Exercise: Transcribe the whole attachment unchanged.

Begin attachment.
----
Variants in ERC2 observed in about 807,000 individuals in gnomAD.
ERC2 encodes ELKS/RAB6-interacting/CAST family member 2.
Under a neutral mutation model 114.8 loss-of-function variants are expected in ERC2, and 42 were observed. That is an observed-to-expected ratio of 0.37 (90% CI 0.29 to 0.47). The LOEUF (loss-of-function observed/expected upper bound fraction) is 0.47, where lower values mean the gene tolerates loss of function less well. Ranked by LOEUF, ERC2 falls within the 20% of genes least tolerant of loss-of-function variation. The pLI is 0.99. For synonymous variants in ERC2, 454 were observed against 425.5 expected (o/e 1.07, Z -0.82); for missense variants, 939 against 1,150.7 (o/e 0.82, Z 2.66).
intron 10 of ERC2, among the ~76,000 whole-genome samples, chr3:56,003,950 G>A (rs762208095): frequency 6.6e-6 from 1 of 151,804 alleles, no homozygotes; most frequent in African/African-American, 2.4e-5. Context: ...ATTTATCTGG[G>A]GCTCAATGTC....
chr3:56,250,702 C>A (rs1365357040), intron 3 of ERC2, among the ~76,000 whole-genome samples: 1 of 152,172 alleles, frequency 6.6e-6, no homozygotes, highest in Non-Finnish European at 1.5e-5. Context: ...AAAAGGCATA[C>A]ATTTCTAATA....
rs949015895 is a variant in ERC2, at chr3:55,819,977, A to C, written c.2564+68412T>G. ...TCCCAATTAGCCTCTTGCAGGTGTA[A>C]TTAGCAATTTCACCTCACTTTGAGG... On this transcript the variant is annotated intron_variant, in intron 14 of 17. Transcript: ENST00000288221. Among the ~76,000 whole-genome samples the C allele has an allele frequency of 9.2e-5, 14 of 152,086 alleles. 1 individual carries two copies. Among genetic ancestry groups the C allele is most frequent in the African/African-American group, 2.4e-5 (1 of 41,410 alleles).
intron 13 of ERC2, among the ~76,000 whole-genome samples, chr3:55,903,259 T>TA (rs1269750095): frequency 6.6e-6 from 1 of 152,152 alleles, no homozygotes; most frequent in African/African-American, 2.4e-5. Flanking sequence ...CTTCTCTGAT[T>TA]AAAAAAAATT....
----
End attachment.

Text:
Variants in ERC2 observed in about 807,000 individuals in gnomAD.
ERC2 encodes ELKS/RAB6-interacting/CAST family member 2.
Under a neutral mutation model 114.8 loss-of-function variants are expected in ERC2, and 42 were observed. That is an observed-to-expected ratio of 0.37 (90% CI 0.29 to 0.47). The LOEUF (loss-of-function observed/expected upper bound fraction) is 0.47, where lower values mean the gene tolerates loss of function less well. Ranked by LOEUF, ERC2 falls within the 20% of genes least tolerant of loss-of-function variation. The pLI is 0.99. For synonymous variants in ERC2, 454 were observed against 425.5 expected (o/e 1.07, Z -0.82); for missense variants, 939 against 1,150.7 (o/e 0.82, Z 2.66).
intron 10 of ERC2, among the ~76,000 whole-genome samples, chr3:56,003,950 G>A (rs762208095): frequency 6.6e-6 from 1 of 151,804 alleles, no homozygotes; most frequent in African/African-American, 2.4e-5. Context: ...ATTTATCTGG[G>A]GCTCAATGTC....
chr3:56,250,702 C>A (rs1365357040), intron 3 of ERC2, among the ~76,000 whole-genome samples: 1 of 152,172 alleles, frequency 6.6e-6, no homozygotes, highest in Non-Finnish European at 1.5e-5. Context: ...AAAAGGCATA[C>A]ATTTCTAATA....
rs949015895 is a variant in ERC2, at chr3:55,819,977, A to C, written c.2564+68412T>G. ...TCCCAATTAGCCTCTTGCAGGTGTA[A>C]TTAGCAATTTCACCTCACTTTGAGG... On this transcript the variant is annotated intron_variant, in intron 14 of 17. Transcript: ENST00000288221. Among the ~76,000 whole-genome samples the C allele has an allele frequency of 9.2e-5, 14 of 152,086 alleles. 1 individual carries two copies. Among genetic ancestry groups the C allele is most frequent in the African/African-American group, 2.4e-5 (1 of 41,410 alleles).
intron 13 of ERC2, among the ~76,000 whole-genome samples, chr3:55,903,259 T>TA (rs1269750095): frequency 6.6e-6 from 1 of 152,152 alleles, no homozygotes; most frequent in African/African-American, 2.4e-5. Flanking sequence ...CTTCTCTGAT[T>TA]AAAAAAAATT....